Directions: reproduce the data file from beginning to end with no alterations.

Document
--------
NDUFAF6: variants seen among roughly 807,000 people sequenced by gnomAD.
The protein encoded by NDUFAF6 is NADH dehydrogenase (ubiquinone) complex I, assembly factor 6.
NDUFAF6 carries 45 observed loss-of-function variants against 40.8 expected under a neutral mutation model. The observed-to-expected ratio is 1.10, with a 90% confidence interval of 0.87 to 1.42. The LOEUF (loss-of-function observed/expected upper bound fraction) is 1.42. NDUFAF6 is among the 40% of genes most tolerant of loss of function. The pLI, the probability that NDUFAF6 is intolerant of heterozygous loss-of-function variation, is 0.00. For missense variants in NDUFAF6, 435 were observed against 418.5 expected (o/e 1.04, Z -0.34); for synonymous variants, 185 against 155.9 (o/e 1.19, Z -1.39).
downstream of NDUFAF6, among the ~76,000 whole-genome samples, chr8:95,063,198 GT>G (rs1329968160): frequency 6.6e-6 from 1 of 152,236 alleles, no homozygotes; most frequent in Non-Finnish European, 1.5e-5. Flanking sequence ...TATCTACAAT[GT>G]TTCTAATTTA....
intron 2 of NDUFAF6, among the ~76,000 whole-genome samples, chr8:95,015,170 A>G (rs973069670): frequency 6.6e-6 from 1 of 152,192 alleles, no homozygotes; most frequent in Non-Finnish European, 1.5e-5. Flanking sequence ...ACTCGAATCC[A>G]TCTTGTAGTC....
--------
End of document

NDUFAF6: variants seen among roughly 807,000 people sequenced by gnomAD.
The protein encoded by NDUFAF6 is NADH dehydrogenase (ubiquinone) complex I, assembly factor 6.
NDUFAF6 carries 45 observed loss-of-function variants against 40.8 expected under a neutral mutation model. The observed-to-expected ratio is 1.10, with a 90% confidence interval of 0.87 to 1.42. The LOEUF (loss-of-function observed/expected upper bound fraction) is 1.42. NDUFAF6 is among the 40% of genes most tolerant of loss of function. The pLI, the probability that NDUFAF6 is intolerant of heterozygous loss-of-function variation, is 0.00. For missense variants in NDUFAF6, 435 were observed against 418.5 expected (o/e 1.04, Z -0.34); for synonymous variants, 185 against 155.9 (o/e 1.19, Z -1.39).
downstream of NDUFAF6, among the ~76,000 whole-genome samples, chr8:95,063,198 GT>G (rs1329968160): frequency 6.6e-6 from 1 of 152,236 alleles, no homozygotes; most frequent in Non-Finnish European, 1.5e-5. Flanking sequence ...TATCTACAAT[GT>G]TTCTAATTTA....
intron 2 of NDUFAF6, among the ~76,000 whole-genome samples, chr8:95,015,170 A>G (rs973069670): frequency 6.6e-6 from 1 of 152,192 alleles, no homozygotes; most frequent in Non-Finnish European, 1.5e-5. Flanking sequence ...ACTCGAATCC[A>G]TCTTGTAGTC....